In 2011 the organisation will celebrate 40 years of Contact the Elderly in Scotland, through a series of special events recognising the achievements of our volunteers, raising awareness of the service we provide and recruiting new volunteers of all ages in order to expand our groups.


Isolation has been shown to have a tremendous negative impact on mental and physical health, and housebound older people feel the impact most keenly. Involvement in a group improves the quality of life, provides opportunities for participation and relieves isolation and loneliness, contributing to retaining independence. Contact the Elderly groups are recognised as a model of “good practice” in meeting the needs of isolated older people.


  • provides an intergenerational group activity for very elderly people – 50% of our guests are in their 80s and 25% are over 90 – a sector frequently excluded from mainstream provision
  • brings together all sections of society for a social occasion (no religious affiliation or illness/disability aspects)
  • takes place on a Sunday when most services for elderly people are unavailable – traditionally remembered as the family day by older generations, and now often experienced as a ‘lonely day’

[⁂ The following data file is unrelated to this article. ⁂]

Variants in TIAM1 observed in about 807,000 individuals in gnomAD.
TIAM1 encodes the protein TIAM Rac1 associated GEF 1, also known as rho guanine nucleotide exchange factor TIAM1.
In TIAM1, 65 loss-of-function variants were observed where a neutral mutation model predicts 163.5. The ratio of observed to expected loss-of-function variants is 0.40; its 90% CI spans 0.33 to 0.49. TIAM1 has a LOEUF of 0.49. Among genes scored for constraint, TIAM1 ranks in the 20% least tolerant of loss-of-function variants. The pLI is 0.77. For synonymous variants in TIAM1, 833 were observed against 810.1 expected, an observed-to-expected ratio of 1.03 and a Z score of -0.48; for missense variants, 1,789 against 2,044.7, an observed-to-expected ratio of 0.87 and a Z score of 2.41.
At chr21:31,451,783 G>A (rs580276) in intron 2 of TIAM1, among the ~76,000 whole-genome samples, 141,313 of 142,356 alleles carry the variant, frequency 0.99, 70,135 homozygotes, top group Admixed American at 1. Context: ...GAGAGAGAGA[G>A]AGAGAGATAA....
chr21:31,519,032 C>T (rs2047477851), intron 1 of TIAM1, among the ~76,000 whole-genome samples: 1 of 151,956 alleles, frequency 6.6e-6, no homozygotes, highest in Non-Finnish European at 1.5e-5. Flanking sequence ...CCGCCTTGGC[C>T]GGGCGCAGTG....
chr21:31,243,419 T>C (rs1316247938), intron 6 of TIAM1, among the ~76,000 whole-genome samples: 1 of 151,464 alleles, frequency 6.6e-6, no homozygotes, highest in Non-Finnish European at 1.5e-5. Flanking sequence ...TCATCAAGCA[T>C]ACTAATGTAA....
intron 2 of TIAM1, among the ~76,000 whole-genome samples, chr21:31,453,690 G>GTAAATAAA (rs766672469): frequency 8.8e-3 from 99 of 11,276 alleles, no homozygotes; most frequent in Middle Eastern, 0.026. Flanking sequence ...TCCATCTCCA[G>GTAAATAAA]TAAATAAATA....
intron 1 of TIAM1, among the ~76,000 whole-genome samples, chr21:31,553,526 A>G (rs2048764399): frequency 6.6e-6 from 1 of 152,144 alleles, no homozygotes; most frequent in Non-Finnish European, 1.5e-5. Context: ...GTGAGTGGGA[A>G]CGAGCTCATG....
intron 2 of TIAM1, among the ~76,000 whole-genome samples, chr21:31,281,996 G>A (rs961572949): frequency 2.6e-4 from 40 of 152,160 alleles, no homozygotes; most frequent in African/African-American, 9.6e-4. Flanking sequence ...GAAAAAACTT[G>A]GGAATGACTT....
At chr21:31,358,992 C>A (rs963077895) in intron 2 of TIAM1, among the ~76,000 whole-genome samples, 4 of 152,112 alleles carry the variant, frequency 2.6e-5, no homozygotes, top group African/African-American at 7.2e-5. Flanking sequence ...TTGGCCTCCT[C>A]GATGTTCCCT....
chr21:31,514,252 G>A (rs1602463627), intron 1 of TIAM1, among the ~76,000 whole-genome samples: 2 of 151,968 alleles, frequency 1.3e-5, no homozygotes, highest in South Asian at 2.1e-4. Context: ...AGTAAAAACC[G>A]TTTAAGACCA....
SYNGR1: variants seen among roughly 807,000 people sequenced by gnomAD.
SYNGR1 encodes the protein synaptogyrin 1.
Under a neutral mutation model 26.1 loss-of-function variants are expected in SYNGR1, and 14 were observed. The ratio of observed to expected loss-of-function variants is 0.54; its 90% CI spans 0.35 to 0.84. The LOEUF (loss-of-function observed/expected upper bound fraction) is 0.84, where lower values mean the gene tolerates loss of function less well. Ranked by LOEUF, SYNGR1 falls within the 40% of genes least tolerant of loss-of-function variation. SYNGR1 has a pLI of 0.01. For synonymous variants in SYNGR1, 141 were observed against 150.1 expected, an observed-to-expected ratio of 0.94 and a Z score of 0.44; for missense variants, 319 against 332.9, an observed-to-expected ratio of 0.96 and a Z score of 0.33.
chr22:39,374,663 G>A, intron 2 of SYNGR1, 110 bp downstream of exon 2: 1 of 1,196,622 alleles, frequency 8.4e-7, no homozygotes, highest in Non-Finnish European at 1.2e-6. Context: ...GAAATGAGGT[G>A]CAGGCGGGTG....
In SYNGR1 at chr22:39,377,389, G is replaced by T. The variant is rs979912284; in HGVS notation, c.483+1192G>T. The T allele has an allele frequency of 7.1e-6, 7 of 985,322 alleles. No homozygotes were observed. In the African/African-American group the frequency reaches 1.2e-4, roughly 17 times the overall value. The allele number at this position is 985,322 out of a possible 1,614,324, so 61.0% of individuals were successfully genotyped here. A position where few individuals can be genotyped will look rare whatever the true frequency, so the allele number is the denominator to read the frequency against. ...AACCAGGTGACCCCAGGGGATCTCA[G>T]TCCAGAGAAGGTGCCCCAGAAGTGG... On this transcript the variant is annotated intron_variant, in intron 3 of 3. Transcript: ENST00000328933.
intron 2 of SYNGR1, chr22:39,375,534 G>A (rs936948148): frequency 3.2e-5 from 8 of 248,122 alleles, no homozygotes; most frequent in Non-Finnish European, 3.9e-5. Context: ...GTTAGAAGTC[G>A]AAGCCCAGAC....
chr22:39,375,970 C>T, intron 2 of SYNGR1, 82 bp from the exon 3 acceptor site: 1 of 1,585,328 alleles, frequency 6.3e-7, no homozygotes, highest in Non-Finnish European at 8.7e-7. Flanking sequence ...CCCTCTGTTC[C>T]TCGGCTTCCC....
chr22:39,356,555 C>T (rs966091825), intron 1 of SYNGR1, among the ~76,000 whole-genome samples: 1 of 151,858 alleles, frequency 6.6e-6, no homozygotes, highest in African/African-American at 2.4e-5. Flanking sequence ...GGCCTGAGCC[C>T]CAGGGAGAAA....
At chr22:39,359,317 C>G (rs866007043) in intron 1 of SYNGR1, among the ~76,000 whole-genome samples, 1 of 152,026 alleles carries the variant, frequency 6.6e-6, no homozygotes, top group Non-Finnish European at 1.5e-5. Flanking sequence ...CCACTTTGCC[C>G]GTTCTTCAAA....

• kept small so everyone feels part of an intimate group. This is especially important to those with poor hearing or poor sight
  • takes place once a month and provides something wonderful to anticipate and often leads to genuine, long-term friendships

Outcomes and benefits as guests

  • renewed links with the active community, reducing social isolation
  • a short drive in a private car, away from the four walls and the TV
  • improved physical and mental health due to greater feeling of personhood
  • pleasure of private hospitality within a family environment
  • intergenerational and continuing relationships between visitors and volunteers
  • invisible support network facilitating additional, informal monitoring of welfare through vital personal links with caring volunteers